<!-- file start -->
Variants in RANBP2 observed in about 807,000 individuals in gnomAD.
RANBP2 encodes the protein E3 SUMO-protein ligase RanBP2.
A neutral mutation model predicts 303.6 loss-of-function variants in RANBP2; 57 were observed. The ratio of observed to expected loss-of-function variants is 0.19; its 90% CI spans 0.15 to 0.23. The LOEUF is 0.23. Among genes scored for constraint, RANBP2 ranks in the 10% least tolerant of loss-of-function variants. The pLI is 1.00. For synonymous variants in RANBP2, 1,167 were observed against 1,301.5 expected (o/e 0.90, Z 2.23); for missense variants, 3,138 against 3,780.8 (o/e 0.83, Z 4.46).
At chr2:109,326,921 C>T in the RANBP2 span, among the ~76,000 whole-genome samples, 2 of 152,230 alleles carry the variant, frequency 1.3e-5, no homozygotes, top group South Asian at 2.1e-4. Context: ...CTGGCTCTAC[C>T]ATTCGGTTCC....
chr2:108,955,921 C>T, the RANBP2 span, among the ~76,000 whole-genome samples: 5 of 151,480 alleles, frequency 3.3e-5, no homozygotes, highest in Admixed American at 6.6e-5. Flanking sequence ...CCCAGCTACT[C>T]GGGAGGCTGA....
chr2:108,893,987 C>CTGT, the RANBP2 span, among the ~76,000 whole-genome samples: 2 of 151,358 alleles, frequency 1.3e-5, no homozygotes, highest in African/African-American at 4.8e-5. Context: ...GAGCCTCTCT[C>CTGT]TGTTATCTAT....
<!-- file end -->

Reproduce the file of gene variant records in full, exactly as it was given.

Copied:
Variants in RANBP2 observed in about 807,000 individuals in gnomAD.
RANBP2 encodes the protein E3 SUMO-protein ligase RanBP2.
A neutral mutation model predicts 303.6 loss-of-function variants in RANBP2; 57 were observed. The ratio of observed to expected loss-of-function variants is 0.19; its 90% CI spans 0.15 to 0.23. The LOEUF is 0.23. Among genes scored for constraint, RANBP2 ranks in the 10% least tolerant of loss-of-function variants. The pLI is 1.00. For synonymous variants in RANBP2, 1,167 were observed against 1,301.5 expected (o/e 0.90, Z 2.23); for missense variants, 3,138 against 3,780.8 (o/e 0.83, Z 4.46).
At chr2:109,326,921 C>T in the RANBP2 span, among the ~76,000 whole-genome samples, 2 of 152,230 alleles carry the variant, frequency 1.3e-5, no homozygotes, top group South Asian at 2.1e-4. Context: ...CTGGCTCTAC[C>T]ATTCGGTTCC....
chr2:108,955,921 C>T, the RANBP2 span, among the ~76,000 whole-genome samples: 5 of 151,480 alleles, frequency 3.3e-5, no homozygotes, highest in Admixed American at 6.6e-5. Flanking sequence ...CCCAGCTACT[C>T]GGGAGGCTGA....
chr2:108,893,987 C>CTGT, the RANBP2 span, among the ~76,000 whole-genome samples: 2 of 151,358 alleles, frequency 1.3e-5, no homozygotes, highest in African/African-American at 4.8e-5. Context: ...GAGCCTCTCT[C>CTGT]TGTTATCTAT....